Potential Tropical Cyclone 9 is located in the southern Bahamas this morning, and is likely to develop into a tropical depression or storm over the next couple days as it moves NW towards Florida. The system still doesn’t have a well-defined center of circulation (hence its PTC designation), but it does have some shower and thunderstorm activity concentrating over the NE part of its trough axis. Southwesterly shear is likely hampering the system’s development at the moment, but that shear should relax over the next few days, so we’re expecting to see a tropical depression or storm form sometime either today or this weekend.
Satellite imagery this morning highlights the area of persistent deep convection just NE of the Southern Bahamian Islands as well as the southwesterly upper level winds over Cuba and the Florida Straits that are hampering development. Those southwesterly winds are associated with an upper level low over the Gulf of Mexico which will be moving off to the west over the next several days. This will result in a weakening of those upper level winds, and likely a subsequent increase in the system’s organization.
The storm is moving off to the NW this morning, and should continue roughly along that heading over the next couple days. By Sunday, the storm will be either over the NE part of Florida near Jacksonville/Daytona Beach or over the Gulf Stream just offshore.
By this point, if the storm is over water, its environment will be relatively favorable for intensification. Upper level winds will be venting the storm instead of trying to pull it apart, as shown by the shear map above. The waters in this region are still quite warm, despite being churned up by Dorian last week. The final potential environmental impediment to development is dry air, which slows down a storm by weighing on its updrafts. There isn’t expected to be too much dry air over the next couple days, but as the storm moves farther north, it will encounter a dry airmass moving down from Canada. To what extent this will inhibit the system’s development remains uncertain, but it’s something to watch out for as we move through the weekend and into the early part of next week. Map via weathermodels.com.
As far as impacts go, for Florida this doesn’t appear to be a significantly impactful storm. As the center of circulation slowly develops to the east of the state, winds will increase out of the N/NE, and could reach TS force along parts of the coast. As far as winds go, the ECMWF is actually one of the more bullish models as it develops PTC 9 into TS Humberto fairly quickly. Other models suggest the center of the system moves farther west and remains weaker while tracking over the Florida Peninsula. GIF via weathermodels.com.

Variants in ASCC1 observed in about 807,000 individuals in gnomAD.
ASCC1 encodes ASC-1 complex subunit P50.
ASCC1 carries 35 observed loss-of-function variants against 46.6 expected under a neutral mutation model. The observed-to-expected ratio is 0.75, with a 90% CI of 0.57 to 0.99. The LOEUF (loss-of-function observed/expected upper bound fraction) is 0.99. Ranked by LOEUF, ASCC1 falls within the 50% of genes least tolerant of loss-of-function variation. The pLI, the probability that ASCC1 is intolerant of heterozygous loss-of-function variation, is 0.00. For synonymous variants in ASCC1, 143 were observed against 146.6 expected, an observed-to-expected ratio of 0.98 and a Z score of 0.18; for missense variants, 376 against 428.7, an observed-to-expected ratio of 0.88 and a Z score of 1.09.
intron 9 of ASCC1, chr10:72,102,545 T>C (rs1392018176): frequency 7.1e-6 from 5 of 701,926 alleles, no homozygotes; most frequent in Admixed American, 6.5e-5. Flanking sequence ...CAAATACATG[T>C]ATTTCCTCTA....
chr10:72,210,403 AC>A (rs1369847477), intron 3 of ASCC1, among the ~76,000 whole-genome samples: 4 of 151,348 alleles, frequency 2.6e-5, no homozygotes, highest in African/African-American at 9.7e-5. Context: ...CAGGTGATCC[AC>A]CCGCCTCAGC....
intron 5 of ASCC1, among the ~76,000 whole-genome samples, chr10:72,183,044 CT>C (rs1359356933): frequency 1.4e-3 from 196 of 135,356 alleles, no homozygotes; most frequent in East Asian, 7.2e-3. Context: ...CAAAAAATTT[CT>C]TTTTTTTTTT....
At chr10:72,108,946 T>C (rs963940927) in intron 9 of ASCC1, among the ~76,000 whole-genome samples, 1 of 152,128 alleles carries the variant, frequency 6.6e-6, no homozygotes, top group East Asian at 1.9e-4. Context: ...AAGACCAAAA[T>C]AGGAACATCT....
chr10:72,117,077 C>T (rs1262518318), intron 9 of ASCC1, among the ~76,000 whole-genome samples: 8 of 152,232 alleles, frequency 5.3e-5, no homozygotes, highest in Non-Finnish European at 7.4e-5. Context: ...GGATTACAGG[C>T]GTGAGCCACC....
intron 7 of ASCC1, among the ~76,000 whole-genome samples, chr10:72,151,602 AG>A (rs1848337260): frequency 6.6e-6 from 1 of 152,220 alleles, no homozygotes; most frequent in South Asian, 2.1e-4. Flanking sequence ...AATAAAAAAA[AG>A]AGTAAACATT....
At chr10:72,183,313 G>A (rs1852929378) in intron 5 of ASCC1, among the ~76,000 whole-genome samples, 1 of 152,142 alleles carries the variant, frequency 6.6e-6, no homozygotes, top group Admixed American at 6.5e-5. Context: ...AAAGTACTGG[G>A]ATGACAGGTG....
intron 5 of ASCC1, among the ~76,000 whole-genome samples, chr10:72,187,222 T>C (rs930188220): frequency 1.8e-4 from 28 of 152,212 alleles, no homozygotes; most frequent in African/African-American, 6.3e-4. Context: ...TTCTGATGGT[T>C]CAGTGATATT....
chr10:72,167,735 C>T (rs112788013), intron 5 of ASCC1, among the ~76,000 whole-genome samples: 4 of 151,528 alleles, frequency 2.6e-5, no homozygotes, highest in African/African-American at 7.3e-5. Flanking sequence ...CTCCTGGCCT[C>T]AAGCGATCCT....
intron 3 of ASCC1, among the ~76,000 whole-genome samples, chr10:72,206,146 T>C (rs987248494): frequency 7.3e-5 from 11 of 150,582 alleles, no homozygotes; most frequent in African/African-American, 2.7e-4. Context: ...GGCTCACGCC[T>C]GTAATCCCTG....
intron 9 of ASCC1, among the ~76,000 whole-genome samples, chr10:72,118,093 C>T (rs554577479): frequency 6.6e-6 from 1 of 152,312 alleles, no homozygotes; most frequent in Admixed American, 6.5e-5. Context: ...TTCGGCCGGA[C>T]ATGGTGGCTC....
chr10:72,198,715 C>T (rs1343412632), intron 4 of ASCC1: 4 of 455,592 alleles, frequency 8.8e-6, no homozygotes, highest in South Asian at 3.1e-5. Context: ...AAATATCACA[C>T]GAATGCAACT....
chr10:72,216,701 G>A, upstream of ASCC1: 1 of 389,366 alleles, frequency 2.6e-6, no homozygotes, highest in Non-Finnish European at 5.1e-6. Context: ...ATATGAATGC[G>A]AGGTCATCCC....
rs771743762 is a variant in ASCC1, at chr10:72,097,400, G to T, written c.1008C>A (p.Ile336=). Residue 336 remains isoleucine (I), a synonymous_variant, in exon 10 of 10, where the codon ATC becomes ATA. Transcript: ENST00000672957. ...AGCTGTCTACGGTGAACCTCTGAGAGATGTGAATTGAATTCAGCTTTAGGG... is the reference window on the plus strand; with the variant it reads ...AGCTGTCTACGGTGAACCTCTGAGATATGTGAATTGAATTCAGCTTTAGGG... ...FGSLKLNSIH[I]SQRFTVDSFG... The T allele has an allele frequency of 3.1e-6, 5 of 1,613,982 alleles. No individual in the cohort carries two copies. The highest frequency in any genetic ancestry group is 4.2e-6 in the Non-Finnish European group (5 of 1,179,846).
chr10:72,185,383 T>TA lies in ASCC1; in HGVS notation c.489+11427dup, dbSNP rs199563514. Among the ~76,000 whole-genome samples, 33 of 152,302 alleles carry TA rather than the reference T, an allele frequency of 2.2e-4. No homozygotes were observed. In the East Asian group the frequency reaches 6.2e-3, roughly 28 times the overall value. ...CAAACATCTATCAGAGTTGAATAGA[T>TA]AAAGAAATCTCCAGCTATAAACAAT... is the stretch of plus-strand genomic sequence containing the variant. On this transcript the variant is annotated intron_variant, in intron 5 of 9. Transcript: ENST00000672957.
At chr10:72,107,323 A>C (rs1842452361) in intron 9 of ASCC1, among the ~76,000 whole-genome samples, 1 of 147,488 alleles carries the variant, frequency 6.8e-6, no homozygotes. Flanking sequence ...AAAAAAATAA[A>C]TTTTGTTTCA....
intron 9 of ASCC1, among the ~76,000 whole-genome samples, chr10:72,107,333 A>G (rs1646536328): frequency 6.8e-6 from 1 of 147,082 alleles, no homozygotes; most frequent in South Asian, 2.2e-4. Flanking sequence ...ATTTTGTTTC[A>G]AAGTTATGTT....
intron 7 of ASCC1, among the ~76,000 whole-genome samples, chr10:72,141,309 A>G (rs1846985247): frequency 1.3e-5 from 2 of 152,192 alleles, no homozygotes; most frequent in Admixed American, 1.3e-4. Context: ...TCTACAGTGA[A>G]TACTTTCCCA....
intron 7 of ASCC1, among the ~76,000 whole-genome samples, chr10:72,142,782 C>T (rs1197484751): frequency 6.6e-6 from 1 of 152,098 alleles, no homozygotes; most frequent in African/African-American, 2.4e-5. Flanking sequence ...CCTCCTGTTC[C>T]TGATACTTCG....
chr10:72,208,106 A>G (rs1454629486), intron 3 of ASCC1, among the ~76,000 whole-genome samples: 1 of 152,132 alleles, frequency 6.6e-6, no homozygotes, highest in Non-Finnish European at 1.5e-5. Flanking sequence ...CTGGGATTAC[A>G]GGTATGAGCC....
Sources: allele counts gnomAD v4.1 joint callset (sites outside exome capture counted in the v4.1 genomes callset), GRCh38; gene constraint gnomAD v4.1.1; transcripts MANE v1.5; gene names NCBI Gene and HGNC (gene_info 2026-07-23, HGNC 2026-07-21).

The GFS model currently favors the westerly track, which would mean that there’s more rain but less wind for Florida. Several inches of rain could fall in a relatively short time if the storm’s center actually makes it onshore, at which point we’d need to worry about flash flooding. The storm will turn north and then northeast early next week, which means that parts of SE GA, SE SC, and potentially SE NC might also get into the system’s wind and rain. Because the storm is still forming and is relatively weak, storm surge is not expected to be a major threat at least in Florida. GIF via weathermodels.com.
Here’s a look at the latest “spaghetti” guidance from the EPS. While there’s still plenty of uncertainty, especially later in the forecast period, the general idea that 95L slowly organizes while moving NW this weekend before strengthening as it turns N->NE->ENE early next week is reasonably set. During the middle of next week, the storm will be moving ENE over the open Western Atlantic. At this point, some EPS members show a turn back to the north in response to high pressure developing over New England. While this would bring the system a little closer to the East Coast, the next approaching trough should turn it back out to sea later next week. Map via weathermodels.com.
Aside from some lower-end rain/wind in FL/GA/SC, I don’t think there will be significant impacts from this system along the East Coast. That being said, if the New England ridge ends up arriving much stronger/faster than currently shown, the storm may be able to move close enough to the coast to bring more impactful weather. It’s a possibility you should be aware of, but shouldn’t be too worried about at this point.
I’ll have more updates as the forecast becomes clearer in the coming days.